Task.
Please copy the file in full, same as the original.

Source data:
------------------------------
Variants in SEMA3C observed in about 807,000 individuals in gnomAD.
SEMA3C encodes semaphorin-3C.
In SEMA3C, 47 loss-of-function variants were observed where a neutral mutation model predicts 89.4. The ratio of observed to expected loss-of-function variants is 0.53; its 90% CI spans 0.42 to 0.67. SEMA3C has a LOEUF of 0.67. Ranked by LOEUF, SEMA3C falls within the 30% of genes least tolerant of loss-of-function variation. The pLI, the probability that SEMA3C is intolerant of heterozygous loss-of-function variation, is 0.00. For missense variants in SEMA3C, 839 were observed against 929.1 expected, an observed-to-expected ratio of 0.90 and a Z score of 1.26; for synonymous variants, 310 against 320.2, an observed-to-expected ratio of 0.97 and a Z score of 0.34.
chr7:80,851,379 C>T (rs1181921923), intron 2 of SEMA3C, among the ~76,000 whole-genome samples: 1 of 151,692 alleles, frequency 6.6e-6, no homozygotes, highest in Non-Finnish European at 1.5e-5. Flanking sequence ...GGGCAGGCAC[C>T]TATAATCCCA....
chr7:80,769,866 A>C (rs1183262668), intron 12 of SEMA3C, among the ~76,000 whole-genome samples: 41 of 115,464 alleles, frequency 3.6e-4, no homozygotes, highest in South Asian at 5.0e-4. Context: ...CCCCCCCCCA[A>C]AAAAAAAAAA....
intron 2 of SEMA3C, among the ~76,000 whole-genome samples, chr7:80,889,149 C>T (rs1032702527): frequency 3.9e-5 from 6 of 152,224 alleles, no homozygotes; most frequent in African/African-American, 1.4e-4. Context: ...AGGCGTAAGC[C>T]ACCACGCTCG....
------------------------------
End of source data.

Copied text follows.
Variants in SEMA3C observed in about 807,000 individuals in gnomAD.
SEMA3C encodes semaphorin-3C.
In SEMA3C, 47 loss-of-function variants were observed where a neutral mutation model predicts 89.4. The ratio of observed to expected loss-of-function variants is 0.53; its 90% CI spans 0.42 to 0.67. SEMA3C has a LOEUF of 0.67. Ranked by LOEUF, SEMA3C falls within the 30% of genes least tolerant of loss-of-function variation. The pLI, the probability that SEMA3C is intolerant of heterozygous loss-of-function variation, is 0.00. For missense variants in SEMA3C, 839 were observed against 929.1 expected, an observed-to-expected ratio of 0.90 and a Z score of 1.26; for synonymous variants, 310 against 320.2, an observed-to-expected ratio of 0.97 and a Z score of 0.34.
chr7:80,851,379 C>T (rs1181921923), intron 2 of SEMA3C, among the ~76,000 whole-genome samples: 1 of 151,692 alleles, frequency 6.6e-6, no homozygotes, highest in Non-Finnish European at 1.5e-5. Flanking sequence ...GGGCAGGCAC[C>T]TATAATCCCA....
chr7:80,769,866 A>C (rs1183262668), intron 12 of SEMA3C, among the ~76,000 whole-genome samples: 41 of 115,464 alleles, frequency 3.6e-4, no homozygotes, highest in South Asian at 5.0e-4. Context: ...CCCCCCCCCA[A>C]AAAAAAAAAA....
intron 2 of SEMA3C, among the ~76,000 whole-genome samples, chr7:80,889,149 C>T (rs1032702527): frequency 3.9e-5 from 6 of 152,224 alleles, no homozygotes; most frequent in African/African-American, 1.4e-4. Context: ...AGGCGTAAGC[C>T]ACCACGCTCG....